- Two, plan ahead. Get all your shit to hand and do all your prep before anything hits a pan.
- Three, clean as you cook. You simply cannot overstate how important this is. If your kitchen is a disaster when the last ingredient hits a plate, you’ve screwed up profoundly.
- Four, you’re not using enough salt.
- Five, steaming or boiling your food is pretty much pointless. Cooking is the process of making things taste better, and water, in any form, adds nothing.
I also learned some short cuts. Phyllo dough and wonton wrappers are easier to buy than make. So is pizza sauce. Never cook with fancy salt. Homemade stock is best, but unless it’s veal stock, it’s not worth the bother. The rest are secrets, so I’m not sharing — save this one: if Robert Parker likes a wine, I will too.
I’m not sure how I got turned on the Wine Advocate, but it happened relatively early on. I had been a subscriber of Wine Enthusiast and then Wine Spectator, but both magazines had consistently led me astray. They’d rate a wine as, say 90 points (out of a possible 100), which seems like a reliably high score. I’d go get some, chill it slightly, aerate it if necessary, and do all the “things” I was taught to do with wine prep. But with all that done, far too often I’d tuck into an inexplicably lackluster experience. Given that I was spending over $30 bucks a bottle and we were plowing through at least one per night [cough], this got old and fast. Enter the Wine Advocate. I learned that if Parker hung a score of 90 points on a wine, I would end up with a party in my face. If I could score a 95 point wine, we were in for an evening peering Deeply Into Glorious Mystery. My oh my. In fact, I became so familiar with Parker and his scoring that I no longer even needed the review. An 85 meant “with pizza”. An 87 meant “for guests”. A 90 meant, “evening with my wife”. A 95 meant “our 10th anniversary”. He was infallible. He was my expert and I trusted his judgment. Not blindly — at least, not at first. I did quite a bit of “testing” [cough] before we reached those Happy Isles.
Years later, post
Apocalypse children, I adopted a similar strategy — I found a local “wine guy” whom I was able to guide and who’s resulting picks on my behalf were wickedly accurate. Man knows his wine. More helpfully, he knows the wine he has on hand to sell — gone were the days of poring over the recent magazines and calling wildly around trying to secure a bottle or 60 [cough — sorry, I must be coming down with something]. I just roll up in the minivan, ask for Kirk, and Kirk walks me through the available selections. Bam, I’m done. I trust Kirk, but not because he’s an expert. He is that. No, I trust him because he “gets me” and is able to reliably make suggestions I enjoy and do so while staying within my (radically reduced) budget. That’s money. Or perhaps more importantly, that’s money I’ve not misspent.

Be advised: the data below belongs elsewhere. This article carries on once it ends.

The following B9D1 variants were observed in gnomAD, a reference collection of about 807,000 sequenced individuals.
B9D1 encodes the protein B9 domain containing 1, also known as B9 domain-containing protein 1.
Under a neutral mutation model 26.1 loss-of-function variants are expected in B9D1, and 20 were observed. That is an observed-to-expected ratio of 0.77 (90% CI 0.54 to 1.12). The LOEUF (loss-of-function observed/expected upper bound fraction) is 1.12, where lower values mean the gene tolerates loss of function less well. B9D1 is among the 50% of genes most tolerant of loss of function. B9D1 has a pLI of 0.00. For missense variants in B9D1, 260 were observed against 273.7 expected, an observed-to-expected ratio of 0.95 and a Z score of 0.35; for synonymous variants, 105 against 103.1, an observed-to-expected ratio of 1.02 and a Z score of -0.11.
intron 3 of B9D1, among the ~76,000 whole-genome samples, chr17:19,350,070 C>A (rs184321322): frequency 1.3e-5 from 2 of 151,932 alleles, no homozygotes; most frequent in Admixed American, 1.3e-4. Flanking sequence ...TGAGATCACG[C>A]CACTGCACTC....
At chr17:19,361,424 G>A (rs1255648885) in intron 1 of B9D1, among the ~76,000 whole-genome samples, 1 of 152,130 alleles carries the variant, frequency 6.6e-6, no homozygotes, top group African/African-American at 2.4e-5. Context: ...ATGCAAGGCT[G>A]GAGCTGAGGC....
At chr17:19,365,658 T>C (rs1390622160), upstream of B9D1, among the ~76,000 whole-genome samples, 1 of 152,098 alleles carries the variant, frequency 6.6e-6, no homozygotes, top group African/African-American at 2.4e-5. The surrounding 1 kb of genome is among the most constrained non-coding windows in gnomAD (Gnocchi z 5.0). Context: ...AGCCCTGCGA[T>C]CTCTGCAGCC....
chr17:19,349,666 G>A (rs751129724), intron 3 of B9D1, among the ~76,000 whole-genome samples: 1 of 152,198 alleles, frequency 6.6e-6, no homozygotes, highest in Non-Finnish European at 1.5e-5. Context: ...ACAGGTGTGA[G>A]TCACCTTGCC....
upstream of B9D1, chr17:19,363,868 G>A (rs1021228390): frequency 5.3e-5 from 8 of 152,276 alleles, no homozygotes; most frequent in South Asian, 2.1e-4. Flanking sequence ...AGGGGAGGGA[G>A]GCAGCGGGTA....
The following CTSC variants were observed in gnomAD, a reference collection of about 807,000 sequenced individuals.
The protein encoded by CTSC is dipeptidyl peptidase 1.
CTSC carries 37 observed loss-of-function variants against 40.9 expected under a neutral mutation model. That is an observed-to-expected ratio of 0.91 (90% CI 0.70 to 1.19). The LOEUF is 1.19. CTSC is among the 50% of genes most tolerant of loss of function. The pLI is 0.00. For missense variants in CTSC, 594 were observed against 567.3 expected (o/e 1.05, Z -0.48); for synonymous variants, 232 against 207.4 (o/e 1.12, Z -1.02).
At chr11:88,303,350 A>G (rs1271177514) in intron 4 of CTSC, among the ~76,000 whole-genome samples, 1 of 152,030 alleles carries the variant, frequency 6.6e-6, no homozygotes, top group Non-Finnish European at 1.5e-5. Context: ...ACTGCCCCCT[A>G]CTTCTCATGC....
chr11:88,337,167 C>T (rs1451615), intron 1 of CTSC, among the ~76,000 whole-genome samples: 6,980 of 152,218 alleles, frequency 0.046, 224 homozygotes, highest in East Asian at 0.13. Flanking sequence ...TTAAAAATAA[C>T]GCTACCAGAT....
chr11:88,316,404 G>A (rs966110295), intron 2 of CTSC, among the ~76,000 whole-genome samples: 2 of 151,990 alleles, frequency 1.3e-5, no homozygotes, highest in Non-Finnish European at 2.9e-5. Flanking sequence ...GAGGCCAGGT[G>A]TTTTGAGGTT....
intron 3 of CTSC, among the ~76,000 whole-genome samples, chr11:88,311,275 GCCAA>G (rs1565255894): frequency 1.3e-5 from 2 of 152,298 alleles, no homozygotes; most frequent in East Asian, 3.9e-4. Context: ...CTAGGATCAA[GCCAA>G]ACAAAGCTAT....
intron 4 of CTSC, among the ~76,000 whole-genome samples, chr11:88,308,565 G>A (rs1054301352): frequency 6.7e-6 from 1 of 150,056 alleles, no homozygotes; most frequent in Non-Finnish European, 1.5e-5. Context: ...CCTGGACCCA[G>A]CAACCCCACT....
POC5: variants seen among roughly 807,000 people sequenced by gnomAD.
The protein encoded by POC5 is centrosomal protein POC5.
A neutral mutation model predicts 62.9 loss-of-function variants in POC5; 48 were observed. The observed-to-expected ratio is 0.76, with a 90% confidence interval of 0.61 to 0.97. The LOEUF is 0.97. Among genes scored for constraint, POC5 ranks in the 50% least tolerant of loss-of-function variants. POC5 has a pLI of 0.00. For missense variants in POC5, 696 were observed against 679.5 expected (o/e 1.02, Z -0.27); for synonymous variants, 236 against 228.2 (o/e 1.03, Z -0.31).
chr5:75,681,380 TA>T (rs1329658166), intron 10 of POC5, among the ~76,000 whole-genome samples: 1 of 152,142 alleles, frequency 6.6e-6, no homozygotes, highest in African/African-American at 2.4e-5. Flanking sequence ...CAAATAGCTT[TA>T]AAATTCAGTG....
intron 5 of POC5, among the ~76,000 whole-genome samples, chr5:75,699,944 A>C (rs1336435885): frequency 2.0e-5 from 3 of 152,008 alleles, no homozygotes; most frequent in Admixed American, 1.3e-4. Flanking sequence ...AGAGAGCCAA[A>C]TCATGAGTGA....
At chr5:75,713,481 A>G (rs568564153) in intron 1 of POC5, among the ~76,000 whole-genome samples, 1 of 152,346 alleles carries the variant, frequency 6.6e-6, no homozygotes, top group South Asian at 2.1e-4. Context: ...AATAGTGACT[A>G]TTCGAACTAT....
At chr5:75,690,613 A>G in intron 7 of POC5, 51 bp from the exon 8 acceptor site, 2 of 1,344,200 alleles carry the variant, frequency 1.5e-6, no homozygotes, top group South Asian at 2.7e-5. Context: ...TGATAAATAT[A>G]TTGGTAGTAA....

And that’s exactly what a reviewer ought to do for a reader.
That’s why there are and ought to be a lot of reviewers, with a large variety of personal history, background, and taste. There are just as many paths to Audio Joy as there are travelers on that road, and if a reviewer’s job is to help you shorten that travel time, pare down the irrelevant turns on the way, then variety is the only way it works. Without variety, everyone ends up with vegemite sandwiches or beans on toast. And that’s not only gross, that’s a damn shame.
Truth and Language
Which brings me to the subject of truth. In short, there isn’t any. Are we done? Perfect! Ha ha!
Michael Mercer, a contributor here at Part-Time Audiophile and many other outlets, has a saying he’s particularly fond of clubbing uppity reviewers with: “There is no ‘best’ in audio.” He’s absolutely right, of course. There isn’t. Not only in the Skoffian sense of the exhaustive possibilities that would need to be explored before such a statement could be offered in any meaningfully definitive way, but because the very notion of perfection is pretty much impossible to achieve. There is always something better. Paraphrasing the philosopher Karl Popper, absolutes are pretty much unreachable. In audio, each successful assault on Summit-Fi only serves to reveal the next peak, heretofore shrouded by mist and mystery. There is no “end”. It’s turtles all the way down.
I’d like to add that the very notion of “best” in audio is impossible because it’s a category mistake.
“Good”, “better” and “best” are all value terms. Value terms require a referent. Since absolutes are not available, they’re measured against each other as part of some bounded set, or against some standard. Again, since absolutes are not available, that standard is ipso facto arbitrary. Which makes these kinds of relative measurements problematic.
Let me sidestep here in order to make all this immeasurably worse and talk about cognitive science just for a moment.
Words and phrases have meaning. Easy, right? For example, the color that we call “green” is perception generated by a particular bandwidth of light as interpreted by the average human eye. But when we use the term ‘green’, we don’t intend any of that. We “mean” that ‘green’ is a color, and we’ll lump in with that meaning all the interesting green things: turtles, water, leaves, stop lights, her eyes, the snot in the tissue that tells you that a trip to the family doctor is coming up real soon. There are lots more of such things. But none of that is actually the meaning of green, and neither is the definition. What any term actually “means” is rather complicated. In fact, it’s downright Byzantine.